[I started this project back in November 2015. The project started nicely but never reached full speed and I didn’t find a natural time to write about it… until now]
In Fall 2015 I discovered Placemeter [Washington Post, TechCrunch, WebSite], a startup in NYC that used Computer Vision to track pedestrian and vehicular traffic. At that point our local neighborhood was seeing a lot of car cross-through traffic, so I started a project: use Placemeter services to track traffic in several key locations in the neighborhood, correlate the traffic to infer flow, and then use this to have a more educated conversation with our city council.
Placemeter has two different operating modes. In both modes different areas of the field of vision are marked for analysis, either as a turnstile, to track objects going through it, in both directions, or as a polygon, to track objects going in and out of the area delimited by the polygon. Placemeter applies CV algorithms to count the objects, to do object classification (pedestrians, cars, trucks, bicycles), and to do speed analysis.
Continue reading “Placemeter and Traffic in The Willows”
Mehfuz has finished a first pass at an RFID scanning app for the Invengo XC-1003 (see earlier progress reports: part I and part II) leveraging NativeScript. You can see the code for the app at GitHub.
Continue reading “A Modern RFID App Using NativeScript”
Mehfuz just published an initial NativeScript Plugin to call into the RFID libraries in the Invengo XC-1003 (see Part I for details of the device). Mehfuz also published a simple NativeScript App that uses the Plugin to read a tag and display it.
Continue reading “Hello Invengo XC-1003!”
Our ThingMagic Sargas just arrived. This is a small (87mm x 80 mm x ) fixed RFID reader that packs a nice punch. It has 2 high performance UHF RFID antenna ports capable of reading 750 tags a second at distances over 9 meters and an ethernet port, but it also has a BLE, USB, 4 GPIOs, micro-SD, and HDMI. Inside there is a 1GHz ARM Cortex 8 running Linux (Debian) where you can run your own code.
Continue reading “Linux Inside … ThingMagic Sargas”
This Thursday (Jul 28, ’16), we are hosting a MeetUp at 6pm at our location in downtown Palo Alto (Google Maps – MeetUp info). Mehfuz and Nic will show how to create native cross-platform Apps using NativeScript and CouchBase.
Mehfuz will also show how to use his Estimote plugin; combined with the CouchBase plugin, the iBeacon data read by one phone is automatically synchronized to the other.
We are sprinkling a slight IOT overlay on the MeetUp. We took some of the RFID configuration we used in a Conference App earlier this year and we now have them connected to a Raspberry Pi 3. UPS-willing, the plan is to add some RFID tags to the badges for the MeetUp and show you how a modern Data Speed Layer (like AMTech.Solutions) can be used to track an asset (you) on a space.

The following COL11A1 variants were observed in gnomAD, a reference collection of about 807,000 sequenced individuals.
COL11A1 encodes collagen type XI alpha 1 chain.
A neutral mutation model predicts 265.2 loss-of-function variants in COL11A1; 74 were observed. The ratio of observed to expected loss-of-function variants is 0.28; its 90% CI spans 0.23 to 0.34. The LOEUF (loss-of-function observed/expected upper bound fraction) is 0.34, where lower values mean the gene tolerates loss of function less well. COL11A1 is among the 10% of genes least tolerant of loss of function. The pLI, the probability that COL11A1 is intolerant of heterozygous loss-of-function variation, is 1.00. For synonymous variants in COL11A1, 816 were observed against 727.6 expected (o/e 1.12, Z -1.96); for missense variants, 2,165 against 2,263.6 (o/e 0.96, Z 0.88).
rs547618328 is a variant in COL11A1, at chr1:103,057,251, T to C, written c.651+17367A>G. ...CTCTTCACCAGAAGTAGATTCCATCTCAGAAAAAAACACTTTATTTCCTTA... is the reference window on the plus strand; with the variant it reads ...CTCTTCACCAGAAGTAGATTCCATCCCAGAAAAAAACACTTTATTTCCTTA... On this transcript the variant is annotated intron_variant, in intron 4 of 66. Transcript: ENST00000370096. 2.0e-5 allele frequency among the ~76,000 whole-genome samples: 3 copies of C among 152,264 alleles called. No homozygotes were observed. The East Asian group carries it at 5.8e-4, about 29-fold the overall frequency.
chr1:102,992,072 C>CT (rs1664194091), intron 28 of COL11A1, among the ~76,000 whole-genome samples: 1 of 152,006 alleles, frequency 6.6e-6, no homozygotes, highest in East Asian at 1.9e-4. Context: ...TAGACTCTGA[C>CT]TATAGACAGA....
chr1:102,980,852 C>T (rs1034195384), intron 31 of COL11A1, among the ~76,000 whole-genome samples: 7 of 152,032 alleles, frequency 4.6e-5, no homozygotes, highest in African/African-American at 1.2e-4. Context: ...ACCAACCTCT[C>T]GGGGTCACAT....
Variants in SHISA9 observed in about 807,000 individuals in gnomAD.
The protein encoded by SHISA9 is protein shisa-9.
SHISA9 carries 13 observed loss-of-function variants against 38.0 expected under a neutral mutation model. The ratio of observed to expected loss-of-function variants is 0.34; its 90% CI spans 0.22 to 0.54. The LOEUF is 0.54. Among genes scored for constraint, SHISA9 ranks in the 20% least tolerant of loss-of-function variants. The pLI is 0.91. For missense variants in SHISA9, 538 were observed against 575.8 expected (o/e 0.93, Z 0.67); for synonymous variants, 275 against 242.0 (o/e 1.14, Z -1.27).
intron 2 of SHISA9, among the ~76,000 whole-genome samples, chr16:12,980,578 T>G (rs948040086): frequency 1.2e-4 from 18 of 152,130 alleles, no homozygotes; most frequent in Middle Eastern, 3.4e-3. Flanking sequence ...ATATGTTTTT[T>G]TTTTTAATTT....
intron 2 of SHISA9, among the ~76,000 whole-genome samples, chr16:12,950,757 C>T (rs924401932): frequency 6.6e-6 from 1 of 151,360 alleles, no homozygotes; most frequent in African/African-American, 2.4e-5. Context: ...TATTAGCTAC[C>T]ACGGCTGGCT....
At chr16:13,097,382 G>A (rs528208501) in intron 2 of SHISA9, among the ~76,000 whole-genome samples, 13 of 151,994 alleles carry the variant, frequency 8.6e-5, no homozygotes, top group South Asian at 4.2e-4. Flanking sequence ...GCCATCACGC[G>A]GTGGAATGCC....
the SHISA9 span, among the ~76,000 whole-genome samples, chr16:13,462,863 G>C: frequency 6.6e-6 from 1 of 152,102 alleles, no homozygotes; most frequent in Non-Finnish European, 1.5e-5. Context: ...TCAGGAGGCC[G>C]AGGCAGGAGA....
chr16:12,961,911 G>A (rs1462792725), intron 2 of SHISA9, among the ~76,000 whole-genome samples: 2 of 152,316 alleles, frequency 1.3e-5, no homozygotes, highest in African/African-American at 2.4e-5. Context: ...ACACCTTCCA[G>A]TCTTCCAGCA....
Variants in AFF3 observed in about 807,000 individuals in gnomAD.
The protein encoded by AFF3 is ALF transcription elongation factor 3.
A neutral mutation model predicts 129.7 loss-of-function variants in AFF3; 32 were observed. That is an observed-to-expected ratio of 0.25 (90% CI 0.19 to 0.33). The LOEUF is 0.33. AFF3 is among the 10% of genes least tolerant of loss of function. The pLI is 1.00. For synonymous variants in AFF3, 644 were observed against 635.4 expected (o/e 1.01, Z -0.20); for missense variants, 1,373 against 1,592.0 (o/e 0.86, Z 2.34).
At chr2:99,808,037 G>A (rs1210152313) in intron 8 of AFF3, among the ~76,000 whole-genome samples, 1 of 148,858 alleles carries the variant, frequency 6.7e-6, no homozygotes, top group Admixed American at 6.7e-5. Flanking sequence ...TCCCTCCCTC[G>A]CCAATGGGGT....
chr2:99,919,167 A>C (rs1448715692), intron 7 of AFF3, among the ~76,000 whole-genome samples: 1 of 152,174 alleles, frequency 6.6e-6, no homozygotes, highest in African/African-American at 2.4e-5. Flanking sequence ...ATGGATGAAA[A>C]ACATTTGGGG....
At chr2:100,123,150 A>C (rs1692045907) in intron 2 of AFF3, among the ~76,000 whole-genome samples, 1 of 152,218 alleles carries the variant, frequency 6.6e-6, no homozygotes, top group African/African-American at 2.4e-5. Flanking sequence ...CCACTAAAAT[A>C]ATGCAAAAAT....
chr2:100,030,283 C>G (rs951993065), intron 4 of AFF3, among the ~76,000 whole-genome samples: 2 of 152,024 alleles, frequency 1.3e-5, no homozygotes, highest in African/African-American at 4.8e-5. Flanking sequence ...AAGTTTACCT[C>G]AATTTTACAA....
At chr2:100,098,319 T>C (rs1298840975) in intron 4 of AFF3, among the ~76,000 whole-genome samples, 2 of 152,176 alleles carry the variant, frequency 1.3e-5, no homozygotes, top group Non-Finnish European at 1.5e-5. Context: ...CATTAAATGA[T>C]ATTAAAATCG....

Following the Pokemon Go mania, I’ve ordered some Pokemon figures as prizes for the attendees. Raichu arrived yesterday, others to follow (update – All Pokemons are here; check the Flickr Album). See you on Thursday.
I mentored a Capstone project at Cal State University Monterey Bay (CSUMB) this last Winter. The project involved quantifying the BIT building using a combination of video cameras running Computer Vision software (Placemeter), iBeacons (Estimote) and GPS, all connected using the IOT Platform from AMTech, and a solutions stack from Progress: Modulus, NativeScript and Telerik Platform.
My post at Progress Blogs has more details.
(this is a duplicate of a post from the Progress Blog)
For their 2016 Capstone Project, students at CSUMB used key Progress technologies like NativeScript and Modulus to create an app with powerful capabilities. Progress VP of Technology, Eduardo Pelegri-Llopart, mentored the team and dives into the technology stack—learn how he and his team developed their app.
Continue reading “CSUMB ’16—Quantifying the BIT Building”
The progress blogs has published a note I wrote on using a Digital Asset Management Platform (AMTech), Rollbase, Modulus and the services from the Telerik Platform in the Conference App for ProgressNEXT for Partners 2016, earlier this year.
Below is how the physical layout shows in the AMTech platform dashboard.
Check out more details at Blogs.Progress.com.
This article appeared originally in Progress Blogs
Progress VP of Technology, Eduardo Pelegri-Llopart, and Progress Solutions Engineer, Mehfuz Hossain, take you inside the app they designed for a recent Progress conference. Learn how Progress mobile technology was used to create a powerful, responsive and interactive app.
Our team wrote the conference mobile app for ProgressNEXT ’16, the conference for Progress partners, in Las Vegas. The app provides the usual functionality: event agenda, list of speakers, schedule builder, venue map and events plus a couple of additions: the app helps attendees connect to each other, and the app interacts in real-time with attendees using RFID tags. The app was built using several Progress products: Telerik Platform, Kendo UI, Rollbase and Modulus, and also used an IOT platform from a partner, AMTech Solutions. In this post we describe the architecture of the system; in future posts, I’ll go into more details about the IOT portion.
This is an overview of the IOT Platform, expanding on The Elevator Pitch and The 2 minute Overview. Additional notes are available here.
The Big Picture: Two AMTech Examples
AMTech is usually part of a larger software solution; two recent examples are the BIT Building at CSUMB and the ProgressNEXT Conference App.
Continue reading “AMTech – An Overview”